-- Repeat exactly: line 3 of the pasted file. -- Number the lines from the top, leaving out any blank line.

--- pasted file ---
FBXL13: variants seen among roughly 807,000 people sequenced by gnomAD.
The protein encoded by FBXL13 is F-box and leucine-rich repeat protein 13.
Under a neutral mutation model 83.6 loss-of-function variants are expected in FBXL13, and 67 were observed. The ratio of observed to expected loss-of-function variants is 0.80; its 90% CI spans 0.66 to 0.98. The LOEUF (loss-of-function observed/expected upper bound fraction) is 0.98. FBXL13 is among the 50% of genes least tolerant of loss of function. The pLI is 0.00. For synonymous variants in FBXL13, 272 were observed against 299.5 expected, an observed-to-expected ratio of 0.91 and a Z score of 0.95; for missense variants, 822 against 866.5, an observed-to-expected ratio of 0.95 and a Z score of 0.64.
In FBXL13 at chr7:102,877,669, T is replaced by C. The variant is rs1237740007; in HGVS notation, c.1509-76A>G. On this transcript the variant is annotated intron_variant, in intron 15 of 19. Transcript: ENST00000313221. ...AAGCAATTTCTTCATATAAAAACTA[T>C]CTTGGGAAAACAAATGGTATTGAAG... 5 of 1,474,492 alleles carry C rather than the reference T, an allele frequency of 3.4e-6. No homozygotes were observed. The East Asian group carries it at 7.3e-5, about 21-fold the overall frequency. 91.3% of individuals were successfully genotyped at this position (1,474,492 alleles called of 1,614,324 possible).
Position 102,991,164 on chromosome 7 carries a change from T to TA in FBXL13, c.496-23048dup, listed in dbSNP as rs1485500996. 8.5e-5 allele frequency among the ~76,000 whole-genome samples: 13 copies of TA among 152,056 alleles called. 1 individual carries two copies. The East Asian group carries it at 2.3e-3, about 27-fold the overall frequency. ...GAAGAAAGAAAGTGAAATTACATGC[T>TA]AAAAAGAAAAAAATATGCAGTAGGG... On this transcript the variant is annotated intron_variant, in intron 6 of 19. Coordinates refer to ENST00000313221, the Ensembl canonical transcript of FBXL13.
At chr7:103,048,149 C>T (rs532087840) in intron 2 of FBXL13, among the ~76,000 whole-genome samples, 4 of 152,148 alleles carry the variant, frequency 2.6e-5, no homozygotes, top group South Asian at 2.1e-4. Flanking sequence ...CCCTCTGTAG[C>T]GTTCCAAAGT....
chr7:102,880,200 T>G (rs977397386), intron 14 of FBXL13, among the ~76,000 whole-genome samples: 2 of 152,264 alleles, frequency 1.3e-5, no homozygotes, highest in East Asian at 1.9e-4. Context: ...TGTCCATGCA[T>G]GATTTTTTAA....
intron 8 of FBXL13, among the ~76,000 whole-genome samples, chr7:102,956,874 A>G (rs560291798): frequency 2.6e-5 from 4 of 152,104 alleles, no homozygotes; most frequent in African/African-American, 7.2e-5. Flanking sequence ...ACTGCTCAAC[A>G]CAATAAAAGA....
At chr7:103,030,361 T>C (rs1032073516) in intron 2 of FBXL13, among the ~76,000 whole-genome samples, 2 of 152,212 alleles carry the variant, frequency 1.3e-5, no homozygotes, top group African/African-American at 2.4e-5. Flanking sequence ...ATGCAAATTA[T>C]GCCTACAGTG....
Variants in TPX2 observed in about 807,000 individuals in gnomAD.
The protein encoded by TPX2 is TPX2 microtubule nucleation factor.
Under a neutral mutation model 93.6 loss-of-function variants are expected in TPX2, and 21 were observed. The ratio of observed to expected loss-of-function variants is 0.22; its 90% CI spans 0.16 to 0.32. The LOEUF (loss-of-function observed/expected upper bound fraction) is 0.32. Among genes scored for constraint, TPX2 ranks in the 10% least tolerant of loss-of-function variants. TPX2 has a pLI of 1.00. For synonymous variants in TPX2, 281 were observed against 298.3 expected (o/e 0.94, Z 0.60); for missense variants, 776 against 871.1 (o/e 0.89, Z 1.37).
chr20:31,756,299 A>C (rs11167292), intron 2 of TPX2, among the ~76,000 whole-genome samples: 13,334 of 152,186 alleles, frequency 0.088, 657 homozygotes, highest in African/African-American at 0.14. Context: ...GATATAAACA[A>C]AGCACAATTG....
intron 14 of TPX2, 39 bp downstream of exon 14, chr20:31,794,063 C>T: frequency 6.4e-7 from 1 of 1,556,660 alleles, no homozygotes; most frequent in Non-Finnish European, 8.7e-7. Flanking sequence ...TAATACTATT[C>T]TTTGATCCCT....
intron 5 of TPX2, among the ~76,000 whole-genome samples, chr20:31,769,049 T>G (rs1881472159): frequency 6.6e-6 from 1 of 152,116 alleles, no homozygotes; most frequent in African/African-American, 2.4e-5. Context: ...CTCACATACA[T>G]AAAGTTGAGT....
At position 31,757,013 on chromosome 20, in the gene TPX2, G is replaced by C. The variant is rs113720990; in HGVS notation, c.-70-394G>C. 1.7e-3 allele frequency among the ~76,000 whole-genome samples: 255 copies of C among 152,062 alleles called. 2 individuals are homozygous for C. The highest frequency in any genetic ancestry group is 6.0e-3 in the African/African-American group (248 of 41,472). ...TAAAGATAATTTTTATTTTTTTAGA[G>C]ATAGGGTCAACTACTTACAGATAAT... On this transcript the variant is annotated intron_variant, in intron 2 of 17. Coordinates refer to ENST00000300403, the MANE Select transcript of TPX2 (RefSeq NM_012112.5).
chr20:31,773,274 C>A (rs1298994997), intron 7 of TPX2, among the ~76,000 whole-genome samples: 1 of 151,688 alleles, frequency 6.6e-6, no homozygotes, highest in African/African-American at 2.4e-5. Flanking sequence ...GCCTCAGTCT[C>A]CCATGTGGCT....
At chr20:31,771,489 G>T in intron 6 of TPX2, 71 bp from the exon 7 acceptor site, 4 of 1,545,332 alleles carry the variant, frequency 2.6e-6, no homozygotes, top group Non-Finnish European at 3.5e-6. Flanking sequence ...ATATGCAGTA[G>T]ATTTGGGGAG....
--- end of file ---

Under a neutral mutation model 83.6 loss-of-function variants are expected in FBXL13, and 67 were observed. The ratio of observed to expected loss-of-function variants is 0.80; its 90% CI spans 0.66 to 0.98. The LOEUF (loss-of-function observed/expected upper bound fraction) is 0.98. FBXL13 is among the 50% of genes least tolerant of loss of function. The pLI is 0.00. For synonymous variants in FBXL13, 272 were observed against 299.5 expected, an observed-to-expected ratio of 0.91 and a Z score of 0.95; for missense variants, 822 against 866.5, an observed-to-expected ratio of 0.95 and a Z score of 0.64.